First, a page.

How not to photograph a severed head

planecrash2webSometime in the early 1990s, I believe, I was sent to the area of Frazier Park, California, to cover a reported small plane crash in the mountains between Bakersfield and Los Angeles. Small planes that crash in the mountains present quite a challenge to news photographers, as they are often difficult to find, and if access is cut off by authorities, there’s not much we can do about it because they are covered under federal law, not California law. The state provisions that give news media access to accidents and disasters, regardless of whether law enforcement wants us there, do not apply under federal jurisdiction.

The reporter (I don’t remember who it was) and I found the location where emergency vehicles – fire trucks, an ambulance and some sheriff’s cars – had parked. The fact that they were parked was an immediate clue that wherever the plane had crashed, it was inaccessible by vehicle and the rescuers had to walk to the site. We, of course, had no idea where that was. It could be a couple of hundred yards into the mountains, or it could be several miles. We were going to start walking in, hoping the familiar red ribbons rescuers tie to trees to guide others to the location would lead us to it, when a van pulled up. It was the Kern County Coroner. “Oh, shit,” I thought, “This I don’t need.”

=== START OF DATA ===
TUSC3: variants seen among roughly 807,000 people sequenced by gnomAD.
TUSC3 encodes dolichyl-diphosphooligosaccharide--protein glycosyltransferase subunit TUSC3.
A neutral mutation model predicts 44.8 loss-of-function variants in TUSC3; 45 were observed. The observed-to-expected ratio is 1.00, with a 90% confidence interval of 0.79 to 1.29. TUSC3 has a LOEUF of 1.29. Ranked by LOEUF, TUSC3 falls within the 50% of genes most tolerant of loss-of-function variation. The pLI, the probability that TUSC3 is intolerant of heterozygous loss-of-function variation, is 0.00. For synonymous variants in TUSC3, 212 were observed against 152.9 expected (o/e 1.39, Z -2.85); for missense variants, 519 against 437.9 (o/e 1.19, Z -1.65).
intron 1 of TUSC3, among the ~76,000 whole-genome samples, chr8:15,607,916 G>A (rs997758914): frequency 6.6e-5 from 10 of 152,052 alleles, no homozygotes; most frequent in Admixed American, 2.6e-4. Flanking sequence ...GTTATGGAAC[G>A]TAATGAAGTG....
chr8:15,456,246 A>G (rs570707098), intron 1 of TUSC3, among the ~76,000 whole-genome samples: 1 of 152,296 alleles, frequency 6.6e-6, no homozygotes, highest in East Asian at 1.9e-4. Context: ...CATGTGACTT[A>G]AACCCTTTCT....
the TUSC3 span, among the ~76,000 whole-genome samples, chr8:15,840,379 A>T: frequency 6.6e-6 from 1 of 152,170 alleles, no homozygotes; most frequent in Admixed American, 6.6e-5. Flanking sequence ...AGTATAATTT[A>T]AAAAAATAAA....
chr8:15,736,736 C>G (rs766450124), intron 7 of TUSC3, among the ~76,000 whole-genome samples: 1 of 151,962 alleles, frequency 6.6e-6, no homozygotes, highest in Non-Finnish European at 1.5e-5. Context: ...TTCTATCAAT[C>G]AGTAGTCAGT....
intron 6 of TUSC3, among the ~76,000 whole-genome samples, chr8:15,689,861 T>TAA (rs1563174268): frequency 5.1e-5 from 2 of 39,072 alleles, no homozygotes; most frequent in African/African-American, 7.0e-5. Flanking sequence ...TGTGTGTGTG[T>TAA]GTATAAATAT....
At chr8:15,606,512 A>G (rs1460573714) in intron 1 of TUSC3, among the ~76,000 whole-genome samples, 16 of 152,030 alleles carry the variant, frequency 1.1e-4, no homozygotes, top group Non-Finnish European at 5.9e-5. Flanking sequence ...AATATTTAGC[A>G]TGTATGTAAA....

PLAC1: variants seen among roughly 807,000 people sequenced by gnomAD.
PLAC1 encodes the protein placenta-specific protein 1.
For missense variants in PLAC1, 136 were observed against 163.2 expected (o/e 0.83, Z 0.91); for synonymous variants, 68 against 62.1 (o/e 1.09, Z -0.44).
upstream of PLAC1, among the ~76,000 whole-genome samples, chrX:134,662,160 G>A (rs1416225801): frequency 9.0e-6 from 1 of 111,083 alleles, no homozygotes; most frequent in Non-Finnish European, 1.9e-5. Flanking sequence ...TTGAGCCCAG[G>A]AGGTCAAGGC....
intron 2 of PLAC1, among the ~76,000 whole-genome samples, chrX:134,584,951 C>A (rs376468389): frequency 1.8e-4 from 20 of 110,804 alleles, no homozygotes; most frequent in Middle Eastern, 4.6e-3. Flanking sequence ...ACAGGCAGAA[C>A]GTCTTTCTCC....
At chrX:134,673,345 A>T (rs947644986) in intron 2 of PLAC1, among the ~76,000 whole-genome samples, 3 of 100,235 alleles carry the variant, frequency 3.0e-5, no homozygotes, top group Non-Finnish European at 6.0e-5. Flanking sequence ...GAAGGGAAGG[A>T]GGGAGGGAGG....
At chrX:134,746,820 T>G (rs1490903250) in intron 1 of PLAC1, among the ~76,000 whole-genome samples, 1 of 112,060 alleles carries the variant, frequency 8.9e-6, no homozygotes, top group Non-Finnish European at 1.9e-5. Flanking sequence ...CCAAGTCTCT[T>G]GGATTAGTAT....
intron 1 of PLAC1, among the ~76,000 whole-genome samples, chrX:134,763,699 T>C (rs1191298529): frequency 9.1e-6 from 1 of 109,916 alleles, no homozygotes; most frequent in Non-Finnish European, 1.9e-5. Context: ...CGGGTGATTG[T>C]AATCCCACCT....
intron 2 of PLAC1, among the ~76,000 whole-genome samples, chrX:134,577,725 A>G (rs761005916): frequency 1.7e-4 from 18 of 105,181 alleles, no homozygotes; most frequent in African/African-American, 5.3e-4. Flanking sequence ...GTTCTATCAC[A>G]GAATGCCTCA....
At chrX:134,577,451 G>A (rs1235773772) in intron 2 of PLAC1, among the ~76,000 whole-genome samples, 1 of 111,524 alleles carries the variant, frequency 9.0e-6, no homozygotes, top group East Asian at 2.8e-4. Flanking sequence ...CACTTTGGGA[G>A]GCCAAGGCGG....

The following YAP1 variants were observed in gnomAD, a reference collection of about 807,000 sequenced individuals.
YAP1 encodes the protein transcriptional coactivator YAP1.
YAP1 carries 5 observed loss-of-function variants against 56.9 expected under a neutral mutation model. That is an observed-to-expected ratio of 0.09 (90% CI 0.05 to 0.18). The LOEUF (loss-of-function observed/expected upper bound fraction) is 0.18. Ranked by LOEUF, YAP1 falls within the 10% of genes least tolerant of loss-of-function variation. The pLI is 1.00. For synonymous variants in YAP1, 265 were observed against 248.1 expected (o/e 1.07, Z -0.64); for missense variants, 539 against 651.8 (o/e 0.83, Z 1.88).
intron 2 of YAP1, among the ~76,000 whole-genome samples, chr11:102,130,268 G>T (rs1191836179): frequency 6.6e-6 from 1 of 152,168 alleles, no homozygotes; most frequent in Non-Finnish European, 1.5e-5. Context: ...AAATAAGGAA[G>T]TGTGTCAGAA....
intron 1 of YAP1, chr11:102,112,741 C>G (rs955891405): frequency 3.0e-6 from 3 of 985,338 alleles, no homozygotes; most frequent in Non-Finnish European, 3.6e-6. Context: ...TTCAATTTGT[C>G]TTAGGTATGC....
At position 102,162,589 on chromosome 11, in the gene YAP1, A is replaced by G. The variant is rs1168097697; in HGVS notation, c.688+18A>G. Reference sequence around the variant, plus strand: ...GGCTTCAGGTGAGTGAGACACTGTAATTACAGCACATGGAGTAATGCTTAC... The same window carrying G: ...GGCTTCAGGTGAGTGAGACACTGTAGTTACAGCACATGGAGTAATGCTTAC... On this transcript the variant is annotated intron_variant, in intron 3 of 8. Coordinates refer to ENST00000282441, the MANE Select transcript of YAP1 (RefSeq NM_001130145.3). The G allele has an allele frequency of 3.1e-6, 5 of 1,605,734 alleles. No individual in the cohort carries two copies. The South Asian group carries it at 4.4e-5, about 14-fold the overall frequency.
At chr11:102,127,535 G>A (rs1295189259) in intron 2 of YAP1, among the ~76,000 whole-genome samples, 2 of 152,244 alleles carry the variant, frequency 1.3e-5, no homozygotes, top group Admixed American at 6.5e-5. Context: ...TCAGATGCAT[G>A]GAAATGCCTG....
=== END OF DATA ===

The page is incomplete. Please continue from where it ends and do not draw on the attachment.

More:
The relationship between The Bakersfield Californian’s photographers and the Kern County Coroner in the 1980s and early 1990s was beyond toxic. It was contentious, volatile and confrontational. The tone was set by then- coroner Helen Frankel, who believed that the news media had no business observing and recording the field work of her investigators. This isn’t a conclusion I’ve drawn based on my experiences, though it easily could be. Frankel said it outright, during a debate at Cal State Bakersfield with Californian Executive Editor Bob Bentley on media ethics and the coverage of death. She flat out said it should be illegal for news photographers to photograph the removal of bodies at crime and accident scenes. Nice of an elected official to make up her own laws, huh? Frankel’s attitude was embraced with a flourish by her investigators, especially Susan Loperena and Tony Ferguson. These two investigators openly sought confrontation with photographers at scenes. On two occasions – one on the Kern River and one at a homicide in Bakersfield – Loperena attempted to have deputies remove me from scenes. At the river, she ordered that I just not leave the scene, but that I leave the 16-mile canyon where a search for drowning victims was underway. At the homicide scene, she would not begin her work until I was removed from the scene, where I was positioned outside the barrier tape. And in the irony of ironies, on both occasions, the sheriff’s sergeants at the scenes sided with me, informing Loperena that I had a right to be there. That’s pretty interesting, given the sheriff’s office and I were not exactly on a friendly basis. At a terrible scene in Wasco one morning, where a child died in an apartment fire, Ferguson sought me out, walked up to me and sneered “Are you having fun?” and walked away. No sense sugar coating it here. They did not like me, and I did not like them.